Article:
As you celebrate the day after Thanksgiving in a multitude of ways (exercising off the food, shopping off the food, eating more food), I hope the good cheer from yesterday carries over. I know there are people out there who don’t particularly care for holidays, as they bring about unnecessary stress or close contact with strained relationships. However, the great thing about Thanksgiving is that it doesn’t ask people to do anything more than give thanks. In a recent study on happiness, it was shown that people who take time to say thank you to a person who has influenced them have experienced a boost in overall happiness by 15-30 percent. So keep up your thanks giving, wage war on leftovers, and enjoy another edition of Headlines in History.
The Sun (NY, NY):
Humans have known about cancer since at least 1600 B.C. when Egyptian doctors attempted to stop the spread of breast cancer. Along with the description of the cancer, it was noted, “There is no treatment”. When Marie Curie discovered radium in 1898, many theorized it could be used to kill the cancerous growths. With front page coverage in 1913, people were clearly aware of the disease and hopeful for a treatment that the Egyptians could not find.
The Watchman and Southron (Sumter, SC):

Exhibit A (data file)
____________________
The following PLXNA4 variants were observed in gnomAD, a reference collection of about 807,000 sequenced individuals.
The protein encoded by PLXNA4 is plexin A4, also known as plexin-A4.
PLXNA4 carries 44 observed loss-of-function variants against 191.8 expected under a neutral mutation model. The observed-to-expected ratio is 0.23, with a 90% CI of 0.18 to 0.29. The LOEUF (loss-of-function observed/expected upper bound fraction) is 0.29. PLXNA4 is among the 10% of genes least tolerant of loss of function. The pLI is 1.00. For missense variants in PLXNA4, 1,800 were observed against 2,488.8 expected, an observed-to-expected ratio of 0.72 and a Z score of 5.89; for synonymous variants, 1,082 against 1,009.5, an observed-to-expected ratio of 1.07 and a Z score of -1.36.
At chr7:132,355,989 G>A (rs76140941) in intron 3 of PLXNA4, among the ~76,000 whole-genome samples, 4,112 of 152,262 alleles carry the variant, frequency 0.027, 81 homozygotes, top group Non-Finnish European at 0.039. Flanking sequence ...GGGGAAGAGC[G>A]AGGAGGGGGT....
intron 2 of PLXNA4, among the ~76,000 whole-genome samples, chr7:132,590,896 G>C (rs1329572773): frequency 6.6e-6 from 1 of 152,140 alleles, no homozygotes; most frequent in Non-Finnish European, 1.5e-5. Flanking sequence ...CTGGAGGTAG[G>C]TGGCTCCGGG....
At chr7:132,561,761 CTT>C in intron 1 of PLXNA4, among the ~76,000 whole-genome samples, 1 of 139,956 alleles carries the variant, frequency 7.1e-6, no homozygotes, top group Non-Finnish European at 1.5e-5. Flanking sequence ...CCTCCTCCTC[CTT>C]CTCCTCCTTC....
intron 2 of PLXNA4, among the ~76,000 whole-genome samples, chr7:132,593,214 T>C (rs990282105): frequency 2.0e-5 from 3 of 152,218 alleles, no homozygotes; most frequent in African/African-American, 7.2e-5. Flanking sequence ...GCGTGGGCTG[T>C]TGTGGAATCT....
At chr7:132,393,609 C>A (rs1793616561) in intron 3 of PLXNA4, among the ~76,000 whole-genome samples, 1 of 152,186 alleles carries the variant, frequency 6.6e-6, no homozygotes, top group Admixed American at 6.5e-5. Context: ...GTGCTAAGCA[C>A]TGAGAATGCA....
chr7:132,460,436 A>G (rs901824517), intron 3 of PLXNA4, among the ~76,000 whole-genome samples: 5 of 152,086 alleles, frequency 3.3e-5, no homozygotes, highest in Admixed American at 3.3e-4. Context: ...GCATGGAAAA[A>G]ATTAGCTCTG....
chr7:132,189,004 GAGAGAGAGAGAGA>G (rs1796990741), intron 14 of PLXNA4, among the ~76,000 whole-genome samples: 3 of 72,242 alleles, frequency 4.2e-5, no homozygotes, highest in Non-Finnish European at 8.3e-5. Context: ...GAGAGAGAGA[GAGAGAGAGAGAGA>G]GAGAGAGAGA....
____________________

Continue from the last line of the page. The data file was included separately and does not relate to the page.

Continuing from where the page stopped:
A channel between England and France across the English Channel was first proposed in 1802. In 1913, it was more seriously considered by government officials, but it would not be until 1988 that construction on the tunnel we have today was begun in earnest.
The Evening World (NY, NY):
The annual Army-Navy football game has been traditionally attended by the President of the United States. Since he is the Commander in Chief, and is in charge of all branches of the service, the president spends one half on each sideline to give an appearance of neutrality. Of course, some presidents make clear their biases, most notably JFK, an ardent Navy supporter.
The Tacoma Times:
For those of you who have ever wondered if you could do such a thing, in 1913, it seems a bit odd, but not impossible to mail a person.